Quito, a city of Ecuador, capital of the republic, and of the province of Pichincha, in a district of its own name formed by a valley in the Andes; lat. 0° 13' S., Ion. 78° 43' W.; pop. about 70,000. Built upon the slopes of several hills on the E. flank of the volcano Pichincha, at an elevation of nearly 10,000 ft. above the sea, it has but two approaches from the south and one from the north, the eastern and western portions being hemmed in by precipitous mountains. The streets are narrow and mostly unpaved, and the houses, owing to the frequency of earthquakes, are generally of one story. Many houses are built on arches over two deep ravines which traverse the town from E. to W., through which rush down torrents of melted snow from the neighboring volcanoes, and which here and there present dangerous precipices. Water is distributed by pipes in the houses of the rich, and by handsome stone fountains embellishing the public squares. The principal public edifices are the cathedral, archiepiscopal palace, city hall, and government house, all in the Plaza Mayor, one of the finest public squares in South America. Most of the churches are attached to large convents.

There are three hospitals, one being for elephantiasis, asylums for the blind and the insane, a university once famous for the number of its students, a seminary, a college, and a number of public and private schools. An academy of arts and sciences, and schools of agriculture, obstetrics, and sculpture, were to be organized in 1873. Quito has several libraries, chief of which is that of the old Jesuit college, with about 20,000 volumes. The mint occupies part of the same structure as the university. The climate is salubrious; the mean annual temperature is about 60° F., and the extremes 45° and 75°. Elephantiasis is very common. The foreign commerce is mostly in produce sent to Central America, and some precious metals to Peru, all by the port of Guayaquil. The manufactures include coarse cottons and woollens; there are a few silk-weaving establishments, the raw material for which is mainly imported from France, but recent attempts to acclimatize the silkworm bid fair to prove successful. The women make very fine gold lace, and excellent embroidery, needlework, and lace.

Quito communicates with Bogota by a good road, the only one worthy the name in the republic before the commencement of a carriage road to lead from Guayaquil to Quito, save in the space between Sibamba and Pueblo Nuevo, over which a railway is to extend. There is a telegraph from Quito to Guayaquil. - The history of Quito goes back to a remote antiquity. Of its primitive rulers, tradition preserves the names of a number who were called Quita. About A. D. 280 the city is said to have been captured by certain foreign invaders, who, under the name of Siris, maintained their dominion until the invasion of the inca Huayna Capac, who subdued the entire kingdom. At his death he divided his kingdom between his two sons, Atahuallpa and Huascar, leaving to the first the sceptre of Quito, and to the second that of Cuzco. War ensued between the brothers, in which Atahuallpa obtained control of all the provinces. But his triumph was of short duration, and he lived to find himself the prisoner of the Spanish adventurer Pizarro. Taking advantage of the capture of his king, Ru-miñagui, one of the inca generals, usurped regal authority in Quito, but fled to the mountains on the approach of Sebastian Benalcázar. Under the Spanish dominion Quito, erected into a presidency, first formed part of the vice-royalty of Peru; afterward it was attached to that of Santa Fé, and subsequently restored to that of Peru, to which it remained attached until the independence of the country, when it was aggregated with Venezuela and New Granada in the republic of Colombia. On the dissolution of that republic in 1831, it was organized, with the districts of Asuay and Guayaquil, into a new republic under the name of Ecuador. The modern city was founded in 1534 by Benalcázar; it was incorporated as a city in 1541, and erected into a bishopric four years later.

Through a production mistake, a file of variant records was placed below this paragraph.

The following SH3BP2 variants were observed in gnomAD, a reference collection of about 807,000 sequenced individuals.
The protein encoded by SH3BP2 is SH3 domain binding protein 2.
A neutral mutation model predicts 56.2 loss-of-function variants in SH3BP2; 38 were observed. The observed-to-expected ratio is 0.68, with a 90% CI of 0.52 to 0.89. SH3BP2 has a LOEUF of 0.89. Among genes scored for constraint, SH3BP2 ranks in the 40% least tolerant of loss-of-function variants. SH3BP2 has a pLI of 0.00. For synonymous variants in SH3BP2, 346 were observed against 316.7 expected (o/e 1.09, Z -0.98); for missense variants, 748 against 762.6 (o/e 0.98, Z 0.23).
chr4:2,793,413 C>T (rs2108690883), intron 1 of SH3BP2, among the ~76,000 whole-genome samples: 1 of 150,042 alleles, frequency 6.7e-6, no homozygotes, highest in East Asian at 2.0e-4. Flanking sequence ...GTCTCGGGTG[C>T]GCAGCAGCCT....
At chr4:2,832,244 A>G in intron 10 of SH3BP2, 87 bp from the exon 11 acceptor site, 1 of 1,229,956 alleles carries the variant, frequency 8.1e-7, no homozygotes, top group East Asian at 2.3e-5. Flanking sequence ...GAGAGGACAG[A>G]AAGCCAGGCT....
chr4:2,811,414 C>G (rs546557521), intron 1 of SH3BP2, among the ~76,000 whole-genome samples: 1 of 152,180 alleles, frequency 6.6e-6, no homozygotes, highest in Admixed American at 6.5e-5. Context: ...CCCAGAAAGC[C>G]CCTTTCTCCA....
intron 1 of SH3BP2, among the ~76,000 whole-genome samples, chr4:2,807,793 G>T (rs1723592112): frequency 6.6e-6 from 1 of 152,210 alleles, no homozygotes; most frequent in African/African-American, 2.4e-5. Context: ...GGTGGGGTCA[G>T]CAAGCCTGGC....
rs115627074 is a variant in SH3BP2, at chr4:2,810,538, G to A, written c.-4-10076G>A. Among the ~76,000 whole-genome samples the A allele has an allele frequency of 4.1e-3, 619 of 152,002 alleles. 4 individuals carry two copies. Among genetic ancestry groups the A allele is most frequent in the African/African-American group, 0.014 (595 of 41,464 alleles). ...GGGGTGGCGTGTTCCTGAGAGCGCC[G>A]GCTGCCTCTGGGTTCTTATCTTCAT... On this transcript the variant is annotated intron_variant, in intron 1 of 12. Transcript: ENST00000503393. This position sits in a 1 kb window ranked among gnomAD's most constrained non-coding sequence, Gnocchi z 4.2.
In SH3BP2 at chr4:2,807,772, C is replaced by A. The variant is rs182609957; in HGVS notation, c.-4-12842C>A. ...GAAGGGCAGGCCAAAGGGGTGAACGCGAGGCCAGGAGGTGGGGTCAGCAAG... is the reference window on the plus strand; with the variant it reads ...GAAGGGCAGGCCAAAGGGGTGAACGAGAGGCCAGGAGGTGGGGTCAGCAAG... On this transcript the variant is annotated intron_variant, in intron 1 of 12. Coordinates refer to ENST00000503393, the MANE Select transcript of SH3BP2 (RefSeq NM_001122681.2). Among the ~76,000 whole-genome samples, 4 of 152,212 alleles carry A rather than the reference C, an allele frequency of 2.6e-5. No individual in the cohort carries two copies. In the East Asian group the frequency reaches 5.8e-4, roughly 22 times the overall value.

Several disastrous earthquakes have occurred here, especially those of Feb. 4, 1797, and March 22, 1859.